LAS VEGAS – The co-founders of a start-up aiming to upend earthbound transportation say they've had their Kitty Hawk moment.
Hyperloop One successfully demonstrated Wednesday one key part of how it plans to send people and cargo racing through cushioned tubes at nearly the speed of sound. This transportation alternative, its backers claim, could reduce the journey between Los Angeles and San Francisco to just 30 minutes.
“We are standing on hallowed ground for us,” said Shervin Pishevar, cofounder of Los Angeles-based Hyperloop One, which is among a few companies focused on the hyperloop technology.
What the gaggle of investors and journalists saw from metal risers planted in the desert north of Las Vegas was a lot more rudimentary than artists' rendering of the future, however.
Instead it was more a proof of concept, much like those first airborne moments shared by the Wright Brothers in their airplane.
A bare-metal sled — not a tube — rocketed down a track, with the sled elevated slightly by magnetic levitation technology. It accelerated at 2 g-force before hitting a patch of sand 100 yards down the line.
The total test was just two seconds. But it was enough, Hyperloop One's founders said, to show that technology similar to that used in high-speed maglev trains could be deployed more cheaply, without the steep cost of high-tech trains and rails.
"This is about validating the hardware and software,” said Hyperloop One cofounder and chief technology officer Brogan BamBrogan. “We’re aiming to hit 400 mph in two seconds.
"And by the end of the year hopefully we’ll have a full test, with the sled in a tube accelerating with our custom propulsion.”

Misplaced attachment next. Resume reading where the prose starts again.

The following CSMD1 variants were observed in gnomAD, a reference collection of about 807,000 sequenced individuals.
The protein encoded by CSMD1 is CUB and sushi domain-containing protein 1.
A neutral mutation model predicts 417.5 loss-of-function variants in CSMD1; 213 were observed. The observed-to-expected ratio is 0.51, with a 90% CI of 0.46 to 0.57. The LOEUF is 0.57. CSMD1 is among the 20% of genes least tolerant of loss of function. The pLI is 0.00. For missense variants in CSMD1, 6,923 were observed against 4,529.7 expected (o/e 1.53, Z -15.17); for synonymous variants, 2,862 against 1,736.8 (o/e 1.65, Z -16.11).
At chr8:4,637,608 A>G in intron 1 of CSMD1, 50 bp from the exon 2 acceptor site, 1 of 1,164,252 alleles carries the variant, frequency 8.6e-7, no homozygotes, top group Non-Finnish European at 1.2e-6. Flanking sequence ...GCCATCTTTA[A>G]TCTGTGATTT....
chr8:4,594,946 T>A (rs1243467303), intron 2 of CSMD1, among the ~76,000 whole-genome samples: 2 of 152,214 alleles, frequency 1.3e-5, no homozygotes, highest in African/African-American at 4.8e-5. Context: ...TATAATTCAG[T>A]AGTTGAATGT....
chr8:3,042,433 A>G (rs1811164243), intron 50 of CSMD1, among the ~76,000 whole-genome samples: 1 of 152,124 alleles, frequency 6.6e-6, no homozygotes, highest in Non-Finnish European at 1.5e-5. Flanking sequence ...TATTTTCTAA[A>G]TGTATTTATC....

That test will also take place here. The team is aiming to build a 3-mile track that will feature tubes elevated above ground by pylons. “This is where hyperloop is getting invented,” said BamBrogan.
BamBrogan noted that humans in a hyperloop pod wouldn’t feel the acceleration as it would happen more gradually, eventually hitting close to 750 mph.
In Los Angeles, the company is testing various levitation methods, based on passive magnetic levitation technology, a version of which is currently in use on high speed maglev trains in Europe and Asia.
"We think we can move cargo by 2019 and passengers by 2021, if we can replicate the kind of support we've gotten here from the county and city of North Las Vegas," said CEO Rob Lloyd.
Indeed, Hyperloop One executives were eager to liken the new mode of transportation to the building of the Transcontinental Railroad in the 19th-century and the race to the moon in the 1960s. But in the former case, development was spurred by a sense of manifest destiny and limitless land. In the latter, a nation's resources fueled the rocket project.
Today, companies such as Hyperloop One and Hyperloop Transportation Technologies, both based in Los Angeles, face hurdles that include land use rights and existing transportation players — train and truck companies — that are financially invested in keeping the status quo.
Hyperloop pioneers counter that their technology will eventually win out due to lower costs (once a hyperloop pod is underway it can sustain its speed with very low energy use) while producing no carbon emissions (a critical element in global warming).
Hyperloop One announced Tuesday that it had secured $80 million in Series B funding to continue its research and development testing, bringing the company's total to nearly $120 million.
The idea for hyperloop first gained momentum in 2013, when SpaceX and Tesla CEO Elon Musk first posited the notion of using magnetic levitation technology to zip travelers between cities hundreds of miles apart at a speed greater than airplane travel. SpaceX is sponsoring a competition to source tech solutions for hyperloop, but will not build a company around the innovation.
Pishevar recounted meeting with Musk, a friend, and asking if he could pursue the tech's commercial potential.
Musk's response? "He said sure, because he was too busy trying to get to Mars anyway," said Pishevar with a laugh.